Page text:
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Moved into a "new to us" home a few months ago. Made a small renovation (halved the kitchen and created a spare room). Four usable rooms total and a furnace/hot water heater utility room on 1st floor - and we have FOUR hardwired smoke/CO alarms in close proximity just down here alone. There is also one hardwired smoke detector on the 2nd floor, and one separate smoke/CO installed by ADT serviced though the security system on the first floor. We think there are TOO MANY detectors on the first floor, but we went by local code. We hate them. They are going off ALL THE TIME when we cook. I'm scared each time I cook. Today, husband cooked bacon, with the windows open and a useless exhaust fan (just sucks up and back into the kitchen) and the fire alarm went off several times - loud as can be - just about gives us heart attacks and scares the bejeebers out of the dog. Can we simply unplug, and leave unplugged, ONE of the hard wired alarms, and leave the rest? Will unplugging the one (they are 3 in very close proximity) allow the other 4 to work interconnectedly? These are plug in type, sealed batteries. Help. We're losing our minds over here.

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  • Would check local regulations first(quite a few now require smoke and CO detector/s). Local fire departments are very good about giving advice in your home about how many needed and where they should be placed.
    – crip659
    Aug 20 '21 at 20:35
  • thank you....code official approved what is existing (4) and was was added by creating a spare room (1 more)...code was abided by; I guess the question then is why are there 4 of them in such close proximity - but the newest b/c it is a bedroom must have a hardwired alarm. Gonna have a heart attack. I guess I'll give the fire department a call....but I do wonder can we just unplug the one without harming the entire hardwired system.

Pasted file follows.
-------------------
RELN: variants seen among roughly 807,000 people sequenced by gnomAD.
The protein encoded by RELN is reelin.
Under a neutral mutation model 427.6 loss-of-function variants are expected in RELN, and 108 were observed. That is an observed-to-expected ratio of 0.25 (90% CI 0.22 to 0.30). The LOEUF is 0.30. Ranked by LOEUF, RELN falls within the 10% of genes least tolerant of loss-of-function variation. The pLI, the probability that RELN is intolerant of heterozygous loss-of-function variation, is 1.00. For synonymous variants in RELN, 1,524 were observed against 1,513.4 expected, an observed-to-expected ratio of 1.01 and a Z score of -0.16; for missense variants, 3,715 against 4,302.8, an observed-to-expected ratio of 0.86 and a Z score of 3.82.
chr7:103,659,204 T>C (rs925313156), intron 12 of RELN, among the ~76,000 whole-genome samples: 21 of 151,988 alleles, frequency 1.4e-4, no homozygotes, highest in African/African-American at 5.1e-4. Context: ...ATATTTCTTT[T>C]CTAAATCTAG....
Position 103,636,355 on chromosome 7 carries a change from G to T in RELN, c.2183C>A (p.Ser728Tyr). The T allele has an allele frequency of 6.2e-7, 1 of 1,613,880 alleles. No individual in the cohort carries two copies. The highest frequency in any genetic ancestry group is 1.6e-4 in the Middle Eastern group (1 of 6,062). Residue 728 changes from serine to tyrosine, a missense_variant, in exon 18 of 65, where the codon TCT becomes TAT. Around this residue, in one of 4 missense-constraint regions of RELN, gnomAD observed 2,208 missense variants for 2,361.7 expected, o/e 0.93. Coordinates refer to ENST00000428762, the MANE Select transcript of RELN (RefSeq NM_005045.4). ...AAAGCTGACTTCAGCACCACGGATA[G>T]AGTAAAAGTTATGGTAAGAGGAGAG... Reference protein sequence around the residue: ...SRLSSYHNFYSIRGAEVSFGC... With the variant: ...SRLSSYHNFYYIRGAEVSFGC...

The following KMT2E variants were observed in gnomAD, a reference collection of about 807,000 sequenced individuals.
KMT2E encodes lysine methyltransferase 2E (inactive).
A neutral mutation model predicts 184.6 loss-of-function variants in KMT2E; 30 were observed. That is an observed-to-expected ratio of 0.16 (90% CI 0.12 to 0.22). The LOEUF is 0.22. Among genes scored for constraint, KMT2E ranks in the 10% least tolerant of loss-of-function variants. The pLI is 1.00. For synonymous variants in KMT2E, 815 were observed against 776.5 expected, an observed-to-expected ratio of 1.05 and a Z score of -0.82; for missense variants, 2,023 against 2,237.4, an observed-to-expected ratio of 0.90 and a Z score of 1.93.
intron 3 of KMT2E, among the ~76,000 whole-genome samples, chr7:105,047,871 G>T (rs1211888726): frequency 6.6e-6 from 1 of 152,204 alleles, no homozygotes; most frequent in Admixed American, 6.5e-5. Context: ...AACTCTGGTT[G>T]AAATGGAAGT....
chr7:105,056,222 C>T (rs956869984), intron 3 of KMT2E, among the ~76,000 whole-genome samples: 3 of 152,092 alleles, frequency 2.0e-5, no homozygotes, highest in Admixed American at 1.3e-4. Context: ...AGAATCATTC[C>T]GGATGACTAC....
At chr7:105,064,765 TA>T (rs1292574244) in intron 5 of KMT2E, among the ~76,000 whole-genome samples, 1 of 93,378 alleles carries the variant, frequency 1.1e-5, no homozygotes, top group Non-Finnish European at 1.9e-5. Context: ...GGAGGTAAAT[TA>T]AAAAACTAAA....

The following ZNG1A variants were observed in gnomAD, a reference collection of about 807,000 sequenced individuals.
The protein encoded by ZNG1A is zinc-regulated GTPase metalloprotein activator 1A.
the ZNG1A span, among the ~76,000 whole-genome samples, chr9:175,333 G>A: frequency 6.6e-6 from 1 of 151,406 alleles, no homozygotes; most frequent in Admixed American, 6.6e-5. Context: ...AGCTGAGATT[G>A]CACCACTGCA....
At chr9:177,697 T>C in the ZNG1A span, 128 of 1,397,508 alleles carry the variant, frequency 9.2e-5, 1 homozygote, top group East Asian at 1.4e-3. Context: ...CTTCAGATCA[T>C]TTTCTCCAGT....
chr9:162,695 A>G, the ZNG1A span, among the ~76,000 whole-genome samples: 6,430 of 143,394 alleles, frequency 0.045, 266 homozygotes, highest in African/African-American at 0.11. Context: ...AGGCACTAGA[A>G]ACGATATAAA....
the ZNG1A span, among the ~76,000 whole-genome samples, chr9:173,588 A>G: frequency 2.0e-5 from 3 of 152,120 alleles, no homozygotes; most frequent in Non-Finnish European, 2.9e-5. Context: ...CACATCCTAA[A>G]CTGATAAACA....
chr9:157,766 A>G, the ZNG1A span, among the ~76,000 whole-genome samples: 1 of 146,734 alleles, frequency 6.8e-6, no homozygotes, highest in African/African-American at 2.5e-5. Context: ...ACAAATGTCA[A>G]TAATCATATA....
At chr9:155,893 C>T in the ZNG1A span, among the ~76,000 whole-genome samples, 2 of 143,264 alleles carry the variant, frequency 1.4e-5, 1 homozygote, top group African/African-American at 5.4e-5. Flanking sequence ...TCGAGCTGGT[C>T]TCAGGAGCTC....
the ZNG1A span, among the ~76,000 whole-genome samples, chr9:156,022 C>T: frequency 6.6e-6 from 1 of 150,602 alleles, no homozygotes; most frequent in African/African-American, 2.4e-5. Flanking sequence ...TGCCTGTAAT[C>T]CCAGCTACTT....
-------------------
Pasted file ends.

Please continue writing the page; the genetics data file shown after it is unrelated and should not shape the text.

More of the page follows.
– Mrs. C.
    Aug 21 '21 at 0:55
  • We are required to have them in the bedrooms and they must be connected together so all go off at the same time. We were told not to put one in the kitchen. I would check about removing the one closest to the cooking appliances. We do not have one open space but the rooms are broken off with a partition and doors separating them. The headers above the doors keep the cooking smoke from setting them off.
    – Gil
    Aug 21 '21 at 2:34
  • There is no header on the door to the kitchen...it is a wide doorway and vertically the opening is from floor to ceiling; basically you enter the kitchen through the hallway and the opening is created by the walls on either side of the doorway. I just didn't want to a) violate codes or b) harm the system; or c) cause any unknown safety or use issues with the system. It was definitely going off because of the cooking bacon yesterday. But, it has gone off before while cooking. If it wasn't so blaringly loud it would not be so problematic. At this point, I'm gonna call the fire dept to check.
    – Mrs. C.
    Aug 21 '21 at 8:36
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You need to find out:

  • What type of detectors you have
  • Are the detectors appropriate for the locations and are they installed properly
  • What alarm conditions are occurring

Anecdotally, this sounds like (a) more detectors than needed and/or (b) wrong type/location. But there are too many unknowns to start simply disconnecting things. A few things to consider (all related to the above facts, once determined):

  • Smoke detectors can work a couple of different ways (ionization vs. photoelectric) and are sensitive to different types of fires to different degrees. They are not "one size fits all", though due to short-sighted regulations (IMNSHO), some places may not give you options.
  • Almost certainly CO (carbon monoxide - deadly at low levels and shouldn't be present in your home at all) detector, not CO2 (carbon dioxide - deadly at high levels but produced naturally by people & pets). If you are getting CO alarms (as opposed to smoke or heat), that is a real, serious, do something about it concern.